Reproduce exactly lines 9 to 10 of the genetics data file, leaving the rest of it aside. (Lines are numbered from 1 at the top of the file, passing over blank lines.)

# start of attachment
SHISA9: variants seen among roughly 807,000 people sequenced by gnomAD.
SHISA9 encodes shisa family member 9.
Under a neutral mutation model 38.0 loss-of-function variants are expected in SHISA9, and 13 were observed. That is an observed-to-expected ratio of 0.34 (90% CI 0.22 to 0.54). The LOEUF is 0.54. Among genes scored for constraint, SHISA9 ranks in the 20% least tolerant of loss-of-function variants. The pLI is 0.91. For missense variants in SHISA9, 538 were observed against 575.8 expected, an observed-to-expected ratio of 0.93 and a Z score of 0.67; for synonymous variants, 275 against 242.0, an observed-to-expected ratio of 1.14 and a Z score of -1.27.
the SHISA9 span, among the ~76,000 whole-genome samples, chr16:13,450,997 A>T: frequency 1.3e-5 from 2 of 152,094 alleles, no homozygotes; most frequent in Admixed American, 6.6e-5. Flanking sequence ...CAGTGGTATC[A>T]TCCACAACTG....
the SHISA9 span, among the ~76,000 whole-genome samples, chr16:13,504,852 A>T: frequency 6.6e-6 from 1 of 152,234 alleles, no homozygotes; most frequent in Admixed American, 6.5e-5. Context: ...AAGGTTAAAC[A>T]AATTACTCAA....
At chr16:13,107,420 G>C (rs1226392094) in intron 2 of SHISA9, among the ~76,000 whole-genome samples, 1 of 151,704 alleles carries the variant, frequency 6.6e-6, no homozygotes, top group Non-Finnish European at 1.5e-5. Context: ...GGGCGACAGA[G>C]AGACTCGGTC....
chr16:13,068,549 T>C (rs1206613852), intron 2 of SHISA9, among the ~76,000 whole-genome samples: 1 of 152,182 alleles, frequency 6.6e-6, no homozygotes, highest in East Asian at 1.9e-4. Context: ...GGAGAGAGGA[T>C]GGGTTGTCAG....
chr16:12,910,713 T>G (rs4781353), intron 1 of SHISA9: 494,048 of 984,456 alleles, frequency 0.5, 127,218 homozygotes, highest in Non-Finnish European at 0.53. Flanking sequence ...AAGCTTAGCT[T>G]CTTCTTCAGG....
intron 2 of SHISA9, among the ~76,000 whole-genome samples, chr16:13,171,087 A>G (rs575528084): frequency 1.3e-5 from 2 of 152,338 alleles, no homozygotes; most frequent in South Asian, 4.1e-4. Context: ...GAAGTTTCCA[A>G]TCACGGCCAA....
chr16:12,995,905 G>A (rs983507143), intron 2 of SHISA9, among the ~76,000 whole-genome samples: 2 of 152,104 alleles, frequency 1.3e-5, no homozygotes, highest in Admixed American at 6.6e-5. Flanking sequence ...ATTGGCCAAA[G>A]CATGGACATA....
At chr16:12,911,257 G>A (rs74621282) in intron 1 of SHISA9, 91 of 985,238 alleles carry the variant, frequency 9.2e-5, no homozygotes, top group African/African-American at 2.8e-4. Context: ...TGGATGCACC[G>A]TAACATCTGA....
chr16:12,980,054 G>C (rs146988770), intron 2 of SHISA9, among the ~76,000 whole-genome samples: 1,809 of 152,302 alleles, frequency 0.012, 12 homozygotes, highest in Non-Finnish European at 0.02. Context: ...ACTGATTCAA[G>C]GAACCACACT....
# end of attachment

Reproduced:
intron 2 of SHISA9, among the ~76,000 whole-genome samples, chr16:13,171,087 A>G (rs575528084): frequency 1.3e-5 from 2 of 152,338 alleles, no homozygotes; most frequent in South Asian, 4.1e-4. Context: ...GAAGTTTCCA[A>G]TCACGGCCAA....
chr16:12,995,905 G>A (rs983507143), intron 2 of SHISA9, among the ~76,000 whole-genome samples: 2 of 152,104 alleles, frequency 1.3e-5, no homozygotes, highest in Admixed American at 6.6e-5. Flanking sequence ...ATTGGCCAAA[G>A]CATGGACATA....